UNFPA Flagship Report Promotes Individual “Bodily Autonomy”

By | April 15, 2021

WASHINGTON D.C., April 16 (C-Fam) The United Nations Population Fund (UNFPA) launched its annual flagship report with the theme of “bodily autonomy.” In keeping with what has become common practice among UN agencies, it advances an extreme agenda on abortion and other controversial issues.  Moreover, it increasingly relies for support on documents that do not have the consent of the world governments that make up the General Assembly.

Despite making “bodily autonomy” its central theme, the UNFPA report admits that the term has “a broad and sometimes ambiguous meaning,” and has not been formally defined in any negotiated document. They say, however, that it has “gained further prominence” in 2019 at the Nairobi Summit, a conference tightly controlled by UNFPA.

Certain aspects of the report address uncontroversial topics, including the right to exercise informed consent when receiving health care, and freedom from torture, physical or sexual assault, or forced marriage.  However, alongside these the report includes abortion, “comprehensive sexuality education,” assisted reproductive technologies including gestational surrogacy, “sex work,” and transgender-related medical procedures, all of which are highly controversial.

“Each of us has a right to bodily autonomy,” the report states in its introduction, only to later acknowledge that international treaties and declarations “provide foundations” for such a right. Later, it calls “bodily autonomy” a “foundation upon which human rights are built,” though “it is rarely articulated as a right in and of itself.”

Building on this uneven foundation, UNFPA draws selectively from the outcome of the International Conference on Population and Development, which in 1994 established the agency’s core mandate, but ignores the clear statement in that abortion was solely for member nations to determine.  For support, the report cites the work of treaty monitoring bodies, whose opinions are not binding on any state.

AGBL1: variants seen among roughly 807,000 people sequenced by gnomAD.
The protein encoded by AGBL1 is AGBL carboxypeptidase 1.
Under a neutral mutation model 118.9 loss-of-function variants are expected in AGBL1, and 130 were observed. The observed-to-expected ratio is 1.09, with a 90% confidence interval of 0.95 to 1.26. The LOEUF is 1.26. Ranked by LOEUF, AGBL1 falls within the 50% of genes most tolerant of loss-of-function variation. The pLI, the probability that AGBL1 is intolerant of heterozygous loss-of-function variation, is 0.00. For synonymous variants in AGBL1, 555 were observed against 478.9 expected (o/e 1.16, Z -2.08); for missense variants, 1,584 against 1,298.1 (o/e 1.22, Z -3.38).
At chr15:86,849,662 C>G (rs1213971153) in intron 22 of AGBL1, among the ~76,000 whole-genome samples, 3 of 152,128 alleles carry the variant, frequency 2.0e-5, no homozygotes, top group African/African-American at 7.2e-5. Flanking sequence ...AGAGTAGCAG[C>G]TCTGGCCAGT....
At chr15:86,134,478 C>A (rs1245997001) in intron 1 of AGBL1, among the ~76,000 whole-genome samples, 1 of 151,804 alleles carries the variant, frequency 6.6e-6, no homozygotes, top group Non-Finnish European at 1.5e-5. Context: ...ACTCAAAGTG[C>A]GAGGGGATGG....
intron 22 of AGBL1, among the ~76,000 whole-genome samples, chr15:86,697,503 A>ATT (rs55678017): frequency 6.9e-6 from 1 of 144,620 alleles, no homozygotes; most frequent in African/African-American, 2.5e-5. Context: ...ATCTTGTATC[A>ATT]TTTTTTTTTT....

The radical individual autonomy envisioned by UNFPA goes far beyond freedom from physical violence.  It entirely dismisses the fact that abortion claims the bodily integrity of the unborn child, through dismemberment and death, in the name of preserving the bodily autonomy of the mother. Additionally, to the extent that abortion requires health workers to provide medications or administer procedures, the autonomy of those workers, and their conscience rights, are deemed to be of lesser importance.  UNFPA quotes the opinion of the Committee on Economic, Social, and Cultural rights, which calls for the ending of conscientious rights to abortion.

UNFPA acknowledges that when it comes to issues like prostitution and gestational surrogacy, “Human rights law does not provide definitive answers,” and rights-based arguments “have been invoked to support both prohibition and legalization.”  However, the report shows its hand by including lengthy stories about a surrogate from Mexico and two women selling sex from Indonesia and North Macedonia that frame these issues in a very positive light and insist that their choices were entirely voluntary.

These stories, as well as stories about abortion and transgender identity, are framed as examples of empowerment.

Recent years have seen a widening divide between the consensus of UN member governments in the General Assembly and the various bureaucratic bodies that have become increasingly unaccountable.  UNFPA is currently working on a three-year strategic plan that this report will no doubt inform: the latest indication that UNFPA is now—quite autonomously—setting its own agenda.